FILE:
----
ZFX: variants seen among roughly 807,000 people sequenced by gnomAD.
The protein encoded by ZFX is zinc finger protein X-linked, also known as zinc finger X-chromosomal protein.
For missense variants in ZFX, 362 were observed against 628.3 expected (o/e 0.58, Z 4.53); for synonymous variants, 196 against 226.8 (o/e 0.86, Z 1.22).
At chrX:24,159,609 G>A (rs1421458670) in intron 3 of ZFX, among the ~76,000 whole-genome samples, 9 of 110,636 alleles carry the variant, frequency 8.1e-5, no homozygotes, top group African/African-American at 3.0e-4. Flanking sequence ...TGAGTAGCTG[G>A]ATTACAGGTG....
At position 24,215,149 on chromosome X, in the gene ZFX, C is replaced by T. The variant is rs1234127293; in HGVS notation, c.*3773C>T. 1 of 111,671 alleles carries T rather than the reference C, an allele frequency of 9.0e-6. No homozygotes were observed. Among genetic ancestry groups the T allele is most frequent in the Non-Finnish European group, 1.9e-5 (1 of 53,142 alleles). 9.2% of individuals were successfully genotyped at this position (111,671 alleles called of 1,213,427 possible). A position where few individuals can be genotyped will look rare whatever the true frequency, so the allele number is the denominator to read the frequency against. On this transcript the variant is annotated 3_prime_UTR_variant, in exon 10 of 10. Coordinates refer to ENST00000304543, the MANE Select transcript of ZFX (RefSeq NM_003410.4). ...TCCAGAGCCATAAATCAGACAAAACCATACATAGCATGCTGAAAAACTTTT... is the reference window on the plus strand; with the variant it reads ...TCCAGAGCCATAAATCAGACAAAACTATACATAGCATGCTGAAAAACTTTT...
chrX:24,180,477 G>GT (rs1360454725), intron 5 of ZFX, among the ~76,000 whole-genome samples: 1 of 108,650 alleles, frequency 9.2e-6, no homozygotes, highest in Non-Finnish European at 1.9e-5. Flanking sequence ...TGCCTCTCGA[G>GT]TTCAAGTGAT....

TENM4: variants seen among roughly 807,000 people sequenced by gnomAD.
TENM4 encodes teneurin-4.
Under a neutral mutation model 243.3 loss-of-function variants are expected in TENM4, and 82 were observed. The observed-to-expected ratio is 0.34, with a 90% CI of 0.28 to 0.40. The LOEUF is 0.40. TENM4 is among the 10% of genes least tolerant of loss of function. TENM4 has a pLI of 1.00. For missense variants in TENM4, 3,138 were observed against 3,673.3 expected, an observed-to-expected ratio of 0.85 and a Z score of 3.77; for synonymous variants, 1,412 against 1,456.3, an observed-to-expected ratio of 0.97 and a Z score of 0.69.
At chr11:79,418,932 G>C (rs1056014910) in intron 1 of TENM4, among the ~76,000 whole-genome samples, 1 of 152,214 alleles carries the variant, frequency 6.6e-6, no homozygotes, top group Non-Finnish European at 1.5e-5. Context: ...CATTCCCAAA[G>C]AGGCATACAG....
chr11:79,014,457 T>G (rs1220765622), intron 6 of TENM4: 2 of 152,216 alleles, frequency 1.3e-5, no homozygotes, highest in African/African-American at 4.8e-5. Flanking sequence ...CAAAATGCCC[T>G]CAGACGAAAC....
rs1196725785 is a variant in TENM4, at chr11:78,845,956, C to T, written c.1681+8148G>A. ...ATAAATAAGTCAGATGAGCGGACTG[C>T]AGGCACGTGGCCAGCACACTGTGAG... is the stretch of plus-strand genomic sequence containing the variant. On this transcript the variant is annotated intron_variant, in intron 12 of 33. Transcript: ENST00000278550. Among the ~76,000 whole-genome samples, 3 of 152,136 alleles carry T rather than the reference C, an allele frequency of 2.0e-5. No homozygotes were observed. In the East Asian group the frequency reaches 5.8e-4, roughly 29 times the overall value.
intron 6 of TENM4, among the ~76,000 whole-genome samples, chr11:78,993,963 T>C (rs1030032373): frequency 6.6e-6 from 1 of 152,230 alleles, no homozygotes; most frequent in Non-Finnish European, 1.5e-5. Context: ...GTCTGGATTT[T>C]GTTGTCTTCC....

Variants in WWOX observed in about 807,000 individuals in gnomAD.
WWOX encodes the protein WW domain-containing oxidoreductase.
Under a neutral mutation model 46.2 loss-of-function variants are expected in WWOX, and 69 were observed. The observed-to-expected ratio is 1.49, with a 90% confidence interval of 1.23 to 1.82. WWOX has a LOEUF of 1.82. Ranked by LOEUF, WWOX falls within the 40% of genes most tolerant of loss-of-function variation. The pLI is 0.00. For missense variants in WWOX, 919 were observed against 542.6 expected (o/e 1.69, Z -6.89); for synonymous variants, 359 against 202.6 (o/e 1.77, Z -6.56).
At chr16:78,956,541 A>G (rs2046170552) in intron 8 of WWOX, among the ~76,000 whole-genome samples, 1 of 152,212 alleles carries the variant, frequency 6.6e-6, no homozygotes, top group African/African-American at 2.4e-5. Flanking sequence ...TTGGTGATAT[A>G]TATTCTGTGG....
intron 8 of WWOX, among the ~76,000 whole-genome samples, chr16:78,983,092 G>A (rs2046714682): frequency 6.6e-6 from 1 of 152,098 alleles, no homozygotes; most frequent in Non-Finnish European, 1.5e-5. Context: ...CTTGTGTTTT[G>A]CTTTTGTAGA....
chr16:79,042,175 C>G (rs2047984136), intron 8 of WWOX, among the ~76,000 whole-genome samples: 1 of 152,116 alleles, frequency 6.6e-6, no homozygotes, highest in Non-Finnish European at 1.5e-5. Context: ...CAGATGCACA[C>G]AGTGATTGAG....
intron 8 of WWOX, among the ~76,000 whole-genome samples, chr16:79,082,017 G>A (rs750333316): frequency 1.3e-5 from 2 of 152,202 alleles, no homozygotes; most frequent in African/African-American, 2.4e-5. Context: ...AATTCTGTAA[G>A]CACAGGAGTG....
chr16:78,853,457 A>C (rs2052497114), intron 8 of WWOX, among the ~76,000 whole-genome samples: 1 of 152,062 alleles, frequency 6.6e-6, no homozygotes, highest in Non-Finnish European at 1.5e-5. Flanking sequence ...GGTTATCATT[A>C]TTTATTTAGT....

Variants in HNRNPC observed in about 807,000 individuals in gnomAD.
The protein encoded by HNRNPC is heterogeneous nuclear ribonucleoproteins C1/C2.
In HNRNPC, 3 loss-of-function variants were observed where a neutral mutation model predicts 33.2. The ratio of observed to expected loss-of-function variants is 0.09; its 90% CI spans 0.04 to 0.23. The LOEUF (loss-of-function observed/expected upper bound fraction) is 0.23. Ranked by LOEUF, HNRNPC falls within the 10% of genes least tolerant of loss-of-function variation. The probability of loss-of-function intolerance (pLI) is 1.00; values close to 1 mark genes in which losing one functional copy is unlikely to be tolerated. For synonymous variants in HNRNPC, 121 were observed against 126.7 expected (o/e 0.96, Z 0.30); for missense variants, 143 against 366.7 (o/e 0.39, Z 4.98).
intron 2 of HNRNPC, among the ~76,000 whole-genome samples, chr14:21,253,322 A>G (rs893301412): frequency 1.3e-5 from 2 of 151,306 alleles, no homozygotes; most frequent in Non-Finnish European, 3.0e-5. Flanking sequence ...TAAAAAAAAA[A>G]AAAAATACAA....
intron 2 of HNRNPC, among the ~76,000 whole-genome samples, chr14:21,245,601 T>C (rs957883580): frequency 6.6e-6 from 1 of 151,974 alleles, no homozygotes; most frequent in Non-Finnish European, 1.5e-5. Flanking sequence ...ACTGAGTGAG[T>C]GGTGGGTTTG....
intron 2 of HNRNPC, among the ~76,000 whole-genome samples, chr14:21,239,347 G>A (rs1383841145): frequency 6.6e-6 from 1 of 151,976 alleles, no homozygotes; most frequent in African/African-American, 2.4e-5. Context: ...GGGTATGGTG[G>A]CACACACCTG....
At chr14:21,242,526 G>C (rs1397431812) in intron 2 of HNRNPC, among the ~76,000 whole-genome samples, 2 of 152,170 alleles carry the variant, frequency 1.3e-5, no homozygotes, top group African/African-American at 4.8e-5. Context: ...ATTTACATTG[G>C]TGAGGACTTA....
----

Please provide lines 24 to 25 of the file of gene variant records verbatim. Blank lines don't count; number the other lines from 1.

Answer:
In HNRNPC, 3 loss-of-function variants were observed where a neutral mutation model predicts 33.2. The ratio of observed to expected loss-of-function variants is 0.09; its 90% CI spans 0.04 to 0.23. The LOEUF (loss-of-function observed/expected upper bound fraction) is 0.23. Ranked by LOEUF, HNRNPC falls within the 10% of genes least tolerant of loss-of-function variation. The probability of loss-of-function intolerance (pLI) is 1.00; values close to 1 mark genes in which losing one functional copy is unlikely to be tolerated. For synonymous variants in HNRNPC, 121 were observed against 126.7 expected (o/e 0.96, Z 0.30); for missense variants, 143 against 366.7 (o/e 0.39, Z 4.98).
intron 2 of HNRNPC, among the ~76,000 whole-genome samples, chr14:21,253,322 A>G (rs893301412): frequency 1.3e-5 from 2 of 151,306 alleles, no homozygotes; most frequent in Non-Finnish European, 3.0e-5. Flanking sequence ...TAAAAAAAAA[A>G]AAAAATACAA....